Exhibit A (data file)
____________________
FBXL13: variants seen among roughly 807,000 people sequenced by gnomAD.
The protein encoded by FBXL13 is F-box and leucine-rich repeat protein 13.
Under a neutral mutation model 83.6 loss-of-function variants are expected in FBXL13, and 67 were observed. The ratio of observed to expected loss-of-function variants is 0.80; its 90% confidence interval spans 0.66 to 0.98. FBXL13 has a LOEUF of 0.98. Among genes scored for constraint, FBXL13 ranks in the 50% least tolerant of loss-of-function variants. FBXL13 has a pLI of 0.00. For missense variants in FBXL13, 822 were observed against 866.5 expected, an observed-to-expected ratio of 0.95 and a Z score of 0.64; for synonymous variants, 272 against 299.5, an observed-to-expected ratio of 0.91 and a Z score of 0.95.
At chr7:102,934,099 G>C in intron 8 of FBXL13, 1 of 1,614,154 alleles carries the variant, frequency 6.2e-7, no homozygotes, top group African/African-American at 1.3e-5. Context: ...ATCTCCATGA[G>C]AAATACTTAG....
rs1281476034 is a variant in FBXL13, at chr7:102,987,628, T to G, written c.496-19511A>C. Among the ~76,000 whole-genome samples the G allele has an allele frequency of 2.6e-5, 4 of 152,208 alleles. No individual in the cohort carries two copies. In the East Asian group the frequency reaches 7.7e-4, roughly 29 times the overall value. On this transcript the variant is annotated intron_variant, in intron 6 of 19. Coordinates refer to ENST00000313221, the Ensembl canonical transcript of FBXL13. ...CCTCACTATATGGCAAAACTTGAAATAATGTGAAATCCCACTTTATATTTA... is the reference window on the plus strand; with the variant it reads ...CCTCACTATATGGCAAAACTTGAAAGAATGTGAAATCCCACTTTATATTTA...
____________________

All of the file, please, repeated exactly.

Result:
FBXL13: variants seen among roughly 807,000 people sequenced by gnomAD.
The protein encoded by FBXL13 is F-box and leucine-rich repeat protein 13.
Under a neutral mutation model 83.6 loss-of-function variants are expected in FBXL13, and 67 were observed. The ratio of observed to expected loss-of-function variants is 0.80; its 90% confidence interval spans 0.66 to 0.98. FBXL13 has a LOEUF of 0.98. Among genes scored for constraint, FBXL13 ranks in the 50% least tolerant of loss-of-function variants. FBXL13 has a pLI of 0.00. For missense variants in FBXL13, 822 were observed against 866.5 expected, an observed-to-expected ratio of 0.95 and a Z score of 0.64; for synonymous variants, 272 against 299.5, an observed-to-expected ratio of 0.91 and a Z score of 0.95.
At chr7:102,934,099 G>C in intron 8 of FBXL13, 1 of 1,614,154 alleles carries the variant, frequency 6.2e-7, no homozygotes, top group African/African-American at 1.3e-5. Context: ...ATCTCCATGA[G>C]AAATACTTAG....
rs1281476034 is a variant in FBXL13, at chr7:102,987,628, T to G, written c.496-19511A>C. Among the ~76,000 whole-genome samples the G allele has an allele frequency of 2.6e-5, 4 of 152,208 alleles. No individual in the cohort carries two copies. In the East Asian group the frequency reaches 7.7e-4, roughly 29 times the overall value. On this transcript the variant is annotated intron_variant, in intron 6 of 19. Coordinates refer to ENST00000313221, the Ensembl canonical transcript of FBXL13. ...CCTCACTATATGGCAAAACTTGAAATAATGTGAAATCCCACTTTATATTTA... is the reference window on the plus strand; with the variant it reads ...CCTCACTATATGGCAAAACTTGAAAGAATGTGAAATCCCACTTTATATTTA...